Literary Lion: 5 Questions with Nobel Laureate, Novelist Orhan Pamuk

March 30, 2015
Orphan Pamuk, Columbia University

Orhan Pamuk, the Robert Yik-Fong Tam Professor of the Humanities, is one of Turkey's most prominent novelists. Titles (in English) include The White Castle, The Black Book, My Name is Red, Snow, Istanbul: Memories of a City and his newest book, The Museum of Innocence. His work has been translated into more than 40 languages, and he has received many international prizes, including honorary membership in the American Academy of Arts and Letters. In 2006, he was awarded the Nobel Prize in Literature.

Q. How do you straddle the intersection of teaching and writing?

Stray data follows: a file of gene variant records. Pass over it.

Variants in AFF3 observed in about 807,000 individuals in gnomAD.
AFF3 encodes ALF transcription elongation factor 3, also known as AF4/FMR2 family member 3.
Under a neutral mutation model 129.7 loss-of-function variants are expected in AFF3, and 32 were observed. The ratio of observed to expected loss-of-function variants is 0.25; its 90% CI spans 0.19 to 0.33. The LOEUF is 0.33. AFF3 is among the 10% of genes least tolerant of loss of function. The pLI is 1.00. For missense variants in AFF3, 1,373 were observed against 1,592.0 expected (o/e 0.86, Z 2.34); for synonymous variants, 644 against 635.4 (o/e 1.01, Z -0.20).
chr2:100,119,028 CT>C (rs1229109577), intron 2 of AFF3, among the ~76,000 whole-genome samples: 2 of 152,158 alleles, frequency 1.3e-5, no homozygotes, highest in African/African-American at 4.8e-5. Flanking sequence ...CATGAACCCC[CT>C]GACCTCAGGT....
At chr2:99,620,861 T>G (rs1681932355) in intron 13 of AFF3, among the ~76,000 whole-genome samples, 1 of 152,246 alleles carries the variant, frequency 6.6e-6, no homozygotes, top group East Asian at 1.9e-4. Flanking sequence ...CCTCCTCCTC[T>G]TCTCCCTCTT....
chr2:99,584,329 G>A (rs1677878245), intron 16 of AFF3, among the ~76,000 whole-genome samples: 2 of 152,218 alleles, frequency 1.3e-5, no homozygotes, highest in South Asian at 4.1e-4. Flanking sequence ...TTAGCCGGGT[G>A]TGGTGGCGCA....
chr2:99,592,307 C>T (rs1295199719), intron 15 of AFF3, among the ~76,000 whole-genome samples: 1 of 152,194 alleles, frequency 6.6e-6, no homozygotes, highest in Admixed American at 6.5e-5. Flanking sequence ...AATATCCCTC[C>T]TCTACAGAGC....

I keep them separate...taking notes in one corner of my mind for the students, hoping that my secrets of the craft will be of help to them.

Q. How important to the craft of writing is reading?

It is crucial, and it teaches you the craft if you know how to read.

Q. Do you focus on one particular kind of writing or can you easily switch genres?

I can switch genres fast but the best and most fun is writing long novels.

Q. How does living and working in New York influence your writing?

I love New York but I can turn it off and run back to Istanbul!

Q. What are you working on now?

A novel—as usual.

— Interviewed by Eve Glasberg